What did we learn from the 2nd Rogan Musk interview?

    The latest time Elon Musk was on Joe Rogan’s podcast was back in 2018 and that created quite a stir. In 2020, he’s back in the hot seat and the two discuss many topics over the course of the 2-hour interview.

    As always, Rogan’s questioning produces some interesting responses, some of which were particularly interesting and revealed new information regarding Elon and the projects he’s working on.

    Billionaires aren’t cool anymore

    Elon takes a lot of criticism online and to be honest, it’s surprising to see him take so much of it to heart. Musk seems to be dramatically affected, almost embarrassed at his net wealth as he discussed his recent decision to sell most possessions.

    I thought he detailed how people become really wealthy really well, that if you build a successful company that makes things in the world more efficient, you’re likely to end up wealthy as a result of running that company.

    What’s interesting is that we don’t see many successful founders or CEOs go and buy islands, or do offensive things with their money. Sure, they may have a nice house or houses, but many have also amazing contributions to charity, and in many cases committed to giving much of their wealth away when the pass away.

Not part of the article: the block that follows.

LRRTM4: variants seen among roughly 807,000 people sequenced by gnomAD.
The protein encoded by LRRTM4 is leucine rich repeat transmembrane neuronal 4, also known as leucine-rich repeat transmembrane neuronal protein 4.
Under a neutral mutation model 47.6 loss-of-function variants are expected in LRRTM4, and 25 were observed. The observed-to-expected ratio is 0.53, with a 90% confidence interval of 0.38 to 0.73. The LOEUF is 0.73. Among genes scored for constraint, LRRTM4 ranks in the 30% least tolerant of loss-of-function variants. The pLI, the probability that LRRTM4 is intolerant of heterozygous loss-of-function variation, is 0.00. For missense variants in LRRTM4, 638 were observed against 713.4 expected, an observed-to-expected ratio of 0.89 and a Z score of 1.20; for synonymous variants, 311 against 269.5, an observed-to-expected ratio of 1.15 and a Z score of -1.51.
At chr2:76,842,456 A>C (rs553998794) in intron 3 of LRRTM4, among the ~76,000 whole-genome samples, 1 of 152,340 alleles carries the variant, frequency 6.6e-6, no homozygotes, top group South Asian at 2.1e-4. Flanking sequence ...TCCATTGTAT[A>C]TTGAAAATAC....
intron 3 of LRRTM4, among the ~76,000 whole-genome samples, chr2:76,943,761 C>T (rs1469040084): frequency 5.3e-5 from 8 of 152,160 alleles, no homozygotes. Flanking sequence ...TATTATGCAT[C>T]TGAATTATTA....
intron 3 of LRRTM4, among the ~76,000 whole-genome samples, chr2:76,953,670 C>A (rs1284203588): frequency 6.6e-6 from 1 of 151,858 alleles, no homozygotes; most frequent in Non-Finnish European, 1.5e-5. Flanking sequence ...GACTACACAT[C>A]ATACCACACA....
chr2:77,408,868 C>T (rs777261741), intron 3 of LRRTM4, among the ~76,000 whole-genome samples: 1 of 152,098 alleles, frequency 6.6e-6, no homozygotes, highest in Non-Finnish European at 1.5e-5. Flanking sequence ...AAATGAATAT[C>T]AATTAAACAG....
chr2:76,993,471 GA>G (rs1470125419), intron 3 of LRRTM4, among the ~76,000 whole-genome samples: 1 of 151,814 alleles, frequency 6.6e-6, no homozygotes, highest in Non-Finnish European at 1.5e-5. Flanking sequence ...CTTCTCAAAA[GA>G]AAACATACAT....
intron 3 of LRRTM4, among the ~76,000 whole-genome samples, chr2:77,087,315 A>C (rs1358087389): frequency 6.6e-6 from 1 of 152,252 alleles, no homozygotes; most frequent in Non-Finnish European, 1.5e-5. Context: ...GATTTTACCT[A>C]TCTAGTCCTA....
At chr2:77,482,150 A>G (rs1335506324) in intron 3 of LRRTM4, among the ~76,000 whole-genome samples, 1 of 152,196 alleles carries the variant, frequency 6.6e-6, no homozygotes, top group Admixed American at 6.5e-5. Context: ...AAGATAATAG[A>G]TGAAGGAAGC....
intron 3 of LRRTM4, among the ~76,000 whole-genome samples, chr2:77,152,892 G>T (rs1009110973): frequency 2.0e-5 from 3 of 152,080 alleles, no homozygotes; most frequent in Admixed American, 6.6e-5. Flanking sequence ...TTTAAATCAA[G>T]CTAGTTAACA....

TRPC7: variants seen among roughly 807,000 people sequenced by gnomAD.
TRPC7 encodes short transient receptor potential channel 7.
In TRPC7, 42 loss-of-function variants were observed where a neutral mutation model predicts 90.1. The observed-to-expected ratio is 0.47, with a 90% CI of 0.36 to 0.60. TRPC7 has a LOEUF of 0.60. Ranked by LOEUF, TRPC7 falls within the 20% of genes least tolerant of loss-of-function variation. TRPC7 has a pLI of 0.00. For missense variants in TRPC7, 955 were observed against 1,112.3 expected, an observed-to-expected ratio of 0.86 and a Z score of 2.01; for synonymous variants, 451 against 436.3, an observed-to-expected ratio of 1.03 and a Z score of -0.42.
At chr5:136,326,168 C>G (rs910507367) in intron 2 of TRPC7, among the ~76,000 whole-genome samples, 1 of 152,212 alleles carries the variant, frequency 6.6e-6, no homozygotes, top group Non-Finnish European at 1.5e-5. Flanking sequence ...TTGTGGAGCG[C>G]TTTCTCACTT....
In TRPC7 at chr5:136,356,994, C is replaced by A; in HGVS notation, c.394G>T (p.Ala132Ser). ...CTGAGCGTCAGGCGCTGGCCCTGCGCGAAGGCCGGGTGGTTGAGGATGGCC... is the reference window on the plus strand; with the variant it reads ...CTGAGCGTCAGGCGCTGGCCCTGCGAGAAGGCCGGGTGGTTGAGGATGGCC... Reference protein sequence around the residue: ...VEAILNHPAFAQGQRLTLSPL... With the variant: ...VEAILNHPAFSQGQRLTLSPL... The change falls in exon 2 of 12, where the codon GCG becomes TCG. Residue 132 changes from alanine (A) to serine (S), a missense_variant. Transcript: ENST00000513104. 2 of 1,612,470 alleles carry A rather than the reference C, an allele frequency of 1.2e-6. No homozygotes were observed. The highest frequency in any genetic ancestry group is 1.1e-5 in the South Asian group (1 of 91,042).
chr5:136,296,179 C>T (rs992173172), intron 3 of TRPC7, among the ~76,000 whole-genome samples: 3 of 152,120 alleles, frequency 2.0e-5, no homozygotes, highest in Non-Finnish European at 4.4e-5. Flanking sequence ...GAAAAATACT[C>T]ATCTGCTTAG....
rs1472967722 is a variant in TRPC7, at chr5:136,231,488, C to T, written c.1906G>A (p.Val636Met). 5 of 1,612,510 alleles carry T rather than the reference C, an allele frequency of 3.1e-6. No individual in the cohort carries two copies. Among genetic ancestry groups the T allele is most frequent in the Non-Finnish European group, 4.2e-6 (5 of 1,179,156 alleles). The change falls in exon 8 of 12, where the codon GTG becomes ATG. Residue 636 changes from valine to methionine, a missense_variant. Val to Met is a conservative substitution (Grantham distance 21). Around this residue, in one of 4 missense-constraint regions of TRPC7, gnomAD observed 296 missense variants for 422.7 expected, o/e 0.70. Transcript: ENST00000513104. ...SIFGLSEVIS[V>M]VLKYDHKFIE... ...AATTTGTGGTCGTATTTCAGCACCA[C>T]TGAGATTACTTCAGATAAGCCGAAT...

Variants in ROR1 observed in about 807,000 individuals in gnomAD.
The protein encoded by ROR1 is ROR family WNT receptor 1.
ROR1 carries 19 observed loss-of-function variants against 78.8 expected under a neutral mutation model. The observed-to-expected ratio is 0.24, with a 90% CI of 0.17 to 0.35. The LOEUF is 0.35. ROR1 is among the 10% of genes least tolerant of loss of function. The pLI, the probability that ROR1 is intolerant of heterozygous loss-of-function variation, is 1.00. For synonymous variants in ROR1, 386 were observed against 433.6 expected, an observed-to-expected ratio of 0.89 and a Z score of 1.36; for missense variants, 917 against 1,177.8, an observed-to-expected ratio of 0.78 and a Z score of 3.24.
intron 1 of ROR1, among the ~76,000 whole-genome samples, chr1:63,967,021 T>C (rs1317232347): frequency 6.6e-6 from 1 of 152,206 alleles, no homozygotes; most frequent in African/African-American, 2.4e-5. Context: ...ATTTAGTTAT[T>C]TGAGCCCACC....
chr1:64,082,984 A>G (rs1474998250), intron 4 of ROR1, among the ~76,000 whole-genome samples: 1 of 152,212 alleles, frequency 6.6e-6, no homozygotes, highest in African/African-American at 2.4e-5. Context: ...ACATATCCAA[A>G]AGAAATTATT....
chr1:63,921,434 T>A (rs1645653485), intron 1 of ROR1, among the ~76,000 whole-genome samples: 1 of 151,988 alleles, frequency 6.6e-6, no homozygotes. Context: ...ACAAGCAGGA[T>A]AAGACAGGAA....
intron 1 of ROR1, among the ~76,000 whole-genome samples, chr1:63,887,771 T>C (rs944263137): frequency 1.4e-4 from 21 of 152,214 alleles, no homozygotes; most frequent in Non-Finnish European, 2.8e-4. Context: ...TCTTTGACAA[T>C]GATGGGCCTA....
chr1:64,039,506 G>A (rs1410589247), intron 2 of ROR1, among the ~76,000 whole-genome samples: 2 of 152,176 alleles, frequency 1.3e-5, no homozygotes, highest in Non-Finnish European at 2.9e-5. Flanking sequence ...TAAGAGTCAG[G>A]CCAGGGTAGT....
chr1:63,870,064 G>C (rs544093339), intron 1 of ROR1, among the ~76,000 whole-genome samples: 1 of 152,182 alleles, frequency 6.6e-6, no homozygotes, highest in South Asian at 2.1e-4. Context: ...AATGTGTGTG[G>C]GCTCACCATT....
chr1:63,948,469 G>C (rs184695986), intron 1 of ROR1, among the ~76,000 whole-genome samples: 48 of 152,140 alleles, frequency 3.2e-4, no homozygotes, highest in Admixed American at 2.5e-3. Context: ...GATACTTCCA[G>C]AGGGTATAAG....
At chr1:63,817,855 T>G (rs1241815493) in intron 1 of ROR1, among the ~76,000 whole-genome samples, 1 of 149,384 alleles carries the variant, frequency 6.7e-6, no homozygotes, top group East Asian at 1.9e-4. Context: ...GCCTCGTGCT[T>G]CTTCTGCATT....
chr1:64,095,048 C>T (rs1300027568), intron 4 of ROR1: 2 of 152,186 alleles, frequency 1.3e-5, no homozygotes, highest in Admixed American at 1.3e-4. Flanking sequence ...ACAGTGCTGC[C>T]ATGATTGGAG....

I think Bill Gates and Mark Zuckerberg are great examples. Gates in his post-Microsoft life, setup the Bill and Melinda Gates Foundation and is aggressively pursuing a greater cause, curing the world of diseases. Zuckerberg is also making similar efforts with his wife with the Chan Zuckerberg Initiative that provides financial assistance across a range of categories, ultimately helping others making the world a better place.

    Personally, I think Musk (and others), should be proud of what they’ve built, that they’ve been able to make products and services that people love and can build careers on. Being in a position to never have to worry about money is something to aspire to, not be embarrassed by.

    NueraLink could be implanted in a human with the next year

    One of the many companies that Elon runs is NueraLink which attempts to create a digital high-bandwidth brain to machine interface. This has the potential to restorate sensory and motor function, and treat neurological disorders.

    During the interview, Musk says the company is taking around 5% of his brain space right now (The Boring Company takes less than 1% and Tesla and SpaceX take most of the rest).